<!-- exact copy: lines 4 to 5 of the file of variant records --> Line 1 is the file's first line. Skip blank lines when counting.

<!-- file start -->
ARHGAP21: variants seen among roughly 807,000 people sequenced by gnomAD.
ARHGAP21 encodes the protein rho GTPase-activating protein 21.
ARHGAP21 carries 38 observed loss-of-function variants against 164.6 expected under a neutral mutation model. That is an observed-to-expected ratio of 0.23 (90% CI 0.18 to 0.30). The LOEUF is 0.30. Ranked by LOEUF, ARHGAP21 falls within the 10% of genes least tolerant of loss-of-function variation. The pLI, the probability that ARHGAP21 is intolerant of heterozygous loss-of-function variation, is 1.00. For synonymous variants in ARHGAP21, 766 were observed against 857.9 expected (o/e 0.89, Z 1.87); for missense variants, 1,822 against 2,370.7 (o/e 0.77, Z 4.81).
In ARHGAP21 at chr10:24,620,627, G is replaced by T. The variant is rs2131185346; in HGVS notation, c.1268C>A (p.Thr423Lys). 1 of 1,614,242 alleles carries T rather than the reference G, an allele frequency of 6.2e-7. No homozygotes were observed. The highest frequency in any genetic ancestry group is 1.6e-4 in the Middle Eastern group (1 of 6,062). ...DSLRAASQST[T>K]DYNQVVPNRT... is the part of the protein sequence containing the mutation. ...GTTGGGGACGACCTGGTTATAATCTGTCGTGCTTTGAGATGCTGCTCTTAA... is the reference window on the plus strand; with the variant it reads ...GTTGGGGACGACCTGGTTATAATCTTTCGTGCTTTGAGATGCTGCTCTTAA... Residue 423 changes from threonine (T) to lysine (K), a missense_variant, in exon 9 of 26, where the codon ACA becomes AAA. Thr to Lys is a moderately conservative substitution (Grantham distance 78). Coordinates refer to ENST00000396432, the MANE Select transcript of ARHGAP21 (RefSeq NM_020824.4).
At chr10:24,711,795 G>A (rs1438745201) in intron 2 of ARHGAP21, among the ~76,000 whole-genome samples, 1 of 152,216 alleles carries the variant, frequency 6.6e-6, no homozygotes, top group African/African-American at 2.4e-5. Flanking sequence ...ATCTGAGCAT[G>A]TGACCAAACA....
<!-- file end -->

In ARHGAP21 at chr10:24,620,627, G is replaced by T. The variant is rs2131185346; in HGVS notation, c.1268C>A (p.Thr423Lys). 1 of 1,614,242 alleles carries T rather than the reference G, an allele frequency of 6.2e-7. No homozygotes were observed. The highest frequency in any genetic ancestry group is 1.6e-4 in the Middle Eastern group (1 of 6,062). ...DSLRAASQST[T>K]DYNQVVPNRT... is the part of the protein sequence containing the mutation. ...GTTGGGGACGACCTGGTTATAATCTGTCGTGCTTTGAGATGCTGCTCTTAA... is the reference window on the plus strand; with the variant it reads ...GTTGGGGACGACCTGGTTATAATCTTTCGTGCTTTGAGATGCTGCTCTTAA... Residue 423 changes from threonine (T) to lysine (K), a missense_variant, in exon 9 of 26, where the codon ACA becomes AAA. Thr to Lys is a moderately conservative substitution (Grantham distance 78). Coordinates refer to ENST00000396432, the MANE Select transcript of ARHGAP21 (RefSeq NM_020824.4).
At chr10:24,711,795 G>A (rs1438745201) in intron 2 of ARHGAP21, among the ~76,000 whole-genome samples, 1 of 152,216 alleles carries the variant, frequency 6.6e-6, no homozygotes, top group African/African-American at 2.4e-5. Flanking sequence ...ATCTGAGCAT[G>A]TGACCAAACA....